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  • The brown testa contains, in the outer of the four coats into which it is microscopically distinguishable, an abundant secretion of mucilaginous matter; and it has within it a thin layer of albumen, enclosing a pair of large oily cotyledons.
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  • The testa is thin and membranous but occasionally coloured, and the embryo small, the great bulk of the seed being occupied by the hard farinaceous endosperm (albumen) on which the nutritive value of the grain depends.
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  • Unlike tannic acid, gallic acid does not precipitate albumen or salts of the alkaloids, or, except when mixed with gum, gelatin.
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  • It coagulates the albumen.
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  • All living Echinoderms have a lacunar, haemal system of diverse origin; this, the ambulacral system, and the coelomic cavities, contain a fluid holding albumen in solution and carrying numerous amoebocytes, which are developed in special lymph-glands and are capable of wandering through all tissues.
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  • Within these is the albumen or endosperm, constituting the flowery part of the seed.
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  • At the lower end of the albumen, and placed obliquely, is the minute embryo-plant, which derives its nourishment in the first instance from the albumen; this is destined to form the future plant.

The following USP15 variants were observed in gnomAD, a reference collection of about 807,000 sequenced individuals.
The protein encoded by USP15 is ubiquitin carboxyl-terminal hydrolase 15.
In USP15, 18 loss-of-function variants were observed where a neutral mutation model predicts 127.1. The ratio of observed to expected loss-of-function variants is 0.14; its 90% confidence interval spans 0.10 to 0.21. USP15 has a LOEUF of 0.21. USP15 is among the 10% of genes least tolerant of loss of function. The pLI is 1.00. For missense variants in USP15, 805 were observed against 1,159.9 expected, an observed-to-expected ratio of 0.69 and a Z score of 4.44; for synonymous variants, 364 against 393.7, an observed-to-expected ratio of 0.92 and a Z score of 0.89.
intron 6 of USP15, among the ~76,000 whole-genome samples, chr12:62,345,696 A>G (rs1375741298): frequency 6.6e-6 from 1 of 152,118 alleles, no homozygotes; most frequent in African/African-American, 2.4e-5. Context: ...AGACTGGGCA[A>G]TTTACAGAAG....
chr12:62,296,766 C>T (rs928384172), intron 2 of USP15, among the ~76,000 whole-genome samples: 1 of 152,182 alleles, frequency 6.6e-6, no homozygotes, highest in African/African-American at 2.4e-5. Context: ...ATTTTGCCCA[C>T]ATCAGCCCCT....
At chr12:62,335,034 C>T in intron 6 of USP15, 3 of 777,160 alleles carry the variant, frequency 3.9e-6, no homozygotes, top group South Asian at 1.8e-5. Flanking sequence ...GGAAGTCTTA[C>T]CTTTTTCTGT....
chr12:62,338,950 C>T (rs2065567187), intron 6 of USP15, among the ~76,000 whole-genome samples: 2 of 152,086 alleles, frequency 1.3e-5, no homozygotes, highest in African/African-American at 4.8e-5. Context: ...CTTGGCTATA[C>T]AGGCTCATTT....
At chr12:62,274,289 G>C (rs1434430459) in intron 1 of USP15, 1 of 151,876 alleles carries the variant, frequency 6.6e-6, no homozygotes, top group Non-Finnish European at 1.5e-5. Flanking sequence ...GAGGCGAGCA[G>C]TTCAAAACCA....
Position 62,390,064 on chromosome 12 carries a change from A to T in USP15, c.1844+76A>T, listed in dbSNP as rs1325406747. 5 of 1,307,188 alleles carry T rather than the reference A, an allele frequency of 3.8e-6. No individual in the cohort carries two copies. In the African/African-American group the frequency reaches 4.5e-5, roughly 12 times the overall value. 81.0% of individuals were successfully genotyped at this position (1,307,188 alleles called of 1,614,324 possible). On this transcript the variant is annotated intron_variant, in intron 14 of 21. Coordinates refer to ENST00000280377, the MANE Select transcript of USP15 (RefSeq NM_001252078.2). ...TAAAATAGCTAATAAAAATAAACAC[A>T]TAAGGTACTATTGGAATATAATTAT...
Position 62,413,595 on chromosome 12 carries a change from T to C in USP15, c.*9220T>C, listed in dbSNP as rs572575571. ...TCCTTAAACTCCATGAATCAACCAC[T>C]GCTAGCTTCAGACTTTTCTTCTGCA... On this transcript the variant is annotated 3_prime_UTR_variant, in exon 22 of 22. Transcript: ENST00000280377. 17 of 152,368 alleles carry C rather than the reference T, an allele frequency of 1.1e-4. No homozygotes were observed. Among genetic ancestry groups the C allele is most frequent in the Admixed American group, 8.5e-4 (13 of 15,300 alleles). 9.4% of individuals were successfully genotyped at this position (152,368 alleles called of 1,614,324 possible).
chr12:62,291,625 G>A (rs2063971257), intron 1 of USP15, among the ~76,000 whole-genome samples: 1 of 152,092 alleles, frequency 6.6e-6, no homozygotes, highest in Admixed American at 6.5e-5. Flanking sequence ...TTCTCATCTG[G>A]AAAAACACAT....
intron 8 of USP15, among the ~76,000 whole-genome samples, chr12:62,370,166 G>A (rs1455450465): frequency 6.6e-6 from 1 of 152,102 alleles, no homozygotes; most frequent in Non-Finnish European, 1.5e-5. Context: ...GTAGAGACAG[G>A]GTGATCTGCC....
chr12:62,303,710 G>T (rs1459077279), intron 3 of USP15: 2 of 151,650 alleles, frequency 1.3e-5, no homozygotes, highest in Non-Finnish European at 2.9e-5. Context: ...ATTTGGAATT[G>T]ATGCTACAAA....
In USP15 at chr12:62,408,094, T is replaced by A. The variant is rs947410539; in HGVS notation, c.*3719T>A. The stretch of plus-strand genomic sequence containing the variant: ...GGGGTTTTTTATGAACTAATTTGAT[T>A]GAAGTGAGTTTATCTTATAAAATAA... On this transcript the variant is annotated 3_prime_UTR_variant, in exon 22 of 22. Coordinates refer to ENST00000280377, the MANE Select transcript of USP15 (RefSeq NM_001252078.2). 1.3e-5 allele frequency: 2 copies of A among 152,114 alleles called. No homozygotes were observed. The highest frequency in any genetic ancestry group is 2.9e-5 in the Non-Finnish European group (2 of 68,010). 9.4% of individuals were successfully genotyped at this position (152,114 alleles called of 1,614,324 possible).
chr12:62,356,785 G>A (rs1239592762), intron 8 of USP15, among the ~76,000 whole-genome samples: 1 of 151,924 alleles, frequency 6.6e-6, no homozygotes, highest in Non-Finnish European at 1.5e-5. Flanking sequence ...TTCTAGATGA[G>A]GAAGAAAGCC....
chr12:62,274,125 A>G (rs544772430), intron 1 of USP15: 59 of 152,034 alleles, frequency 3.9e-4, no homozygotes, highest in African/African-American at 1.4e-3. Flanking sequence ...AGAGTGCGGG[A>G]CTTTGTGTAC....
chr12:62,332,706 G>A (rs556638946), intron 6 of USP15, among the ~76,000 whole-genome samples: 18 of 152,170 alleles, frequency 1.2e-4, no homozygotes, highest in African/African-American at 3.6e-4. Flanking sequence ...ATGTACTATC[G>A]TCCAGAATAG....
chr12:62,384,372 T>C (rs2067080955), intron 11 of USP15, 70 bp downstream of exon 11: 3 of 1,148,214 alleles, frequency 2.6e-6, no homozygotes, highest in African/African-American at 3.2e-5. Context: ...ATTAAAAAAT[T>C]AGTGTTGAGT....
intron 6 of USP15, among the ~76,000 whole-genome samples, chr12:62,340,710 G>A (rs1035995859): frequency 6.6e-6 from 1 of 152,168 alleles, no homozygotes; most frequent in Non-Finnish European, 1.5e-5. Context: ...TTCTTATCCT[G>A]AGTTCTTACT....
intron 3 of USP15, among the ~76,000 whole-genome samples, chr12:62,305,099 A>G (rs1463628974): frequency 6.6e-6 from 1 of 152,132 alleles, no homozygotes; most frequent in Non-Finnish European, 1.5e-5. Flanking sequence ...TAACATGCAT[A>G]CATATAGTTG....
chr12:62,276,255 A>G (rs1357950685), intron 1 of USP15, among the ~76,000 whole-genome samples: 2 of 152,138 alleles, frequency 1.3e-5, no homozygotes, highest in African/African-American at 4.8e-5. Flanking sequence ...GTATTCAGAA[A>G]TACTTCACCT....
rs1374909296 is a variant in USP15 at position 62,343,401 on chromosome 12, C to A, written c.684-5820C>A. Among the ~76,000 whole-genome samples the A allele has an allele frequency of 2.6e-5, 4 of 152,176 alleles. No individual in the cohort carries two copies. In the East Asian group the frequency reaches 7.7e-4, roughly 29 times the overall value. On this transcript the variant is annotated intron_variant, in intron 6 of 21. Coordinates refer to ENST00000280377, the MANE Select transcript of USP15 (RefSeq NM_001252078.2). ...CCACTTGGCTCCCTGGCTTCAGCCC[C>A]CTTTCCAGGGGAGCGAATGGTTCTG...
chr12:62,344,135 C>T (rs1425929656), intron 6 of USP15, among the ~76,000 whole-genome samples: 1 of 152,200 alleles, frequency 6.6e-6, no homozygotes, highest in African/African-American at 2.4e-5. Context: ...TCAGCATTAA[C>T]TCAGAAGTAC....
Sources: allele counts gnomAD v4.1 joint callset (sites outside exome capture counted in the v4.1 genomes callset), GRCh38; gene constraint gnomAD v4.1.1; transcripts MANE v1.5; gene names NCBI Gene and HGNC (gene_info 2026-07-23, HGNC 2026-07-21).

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  • In these cocoons are deposited the eggs together with a certain amount of albumen upon which the developing embryos feed.
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  • Although some of these differ very greatly in their actions after absorption, still locally they have certain effects in common due chiefly to their chemical action on albumen.
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  • Their soluble salts combine with albumen and preserve it, strong solutions being extremely irritant or caustic, while weaker ones are astringent simply, or even soothing.
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  • Arsenic and antimony do not form combinations with albumen, but they both greatly depress the central nervous system and circulation; and, if their action be long continued in large doses, they cause fatty degeneration of the viscera and disappearance of glycogen from the liver.
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  • Locally they are all three strongly irritant or caustic, owing to their chemical action on albumen.
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  • The action of tannic acid is strictly local, and depends upon its power of precipitating albumen and of destroying germs. It thus acts as an astringent on all mucous membranes.
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  • After absorption into the blood it loses this effect, as it is partly broken up into gallic acid and partly combined with alkalis, both of which changes nullify its action upon albumen.
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  • These include such bodies as pepsin, diastase, the pancreatic ferments, papain, the pine-apple ferment, taka-diastase and others, and serve to convert starch into saccharine substances, or albumen into peptone and albumoses.
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  • Do copper ions break down the ionic bonds between the polypeptide chains of egg albumen - thus causing it to denature?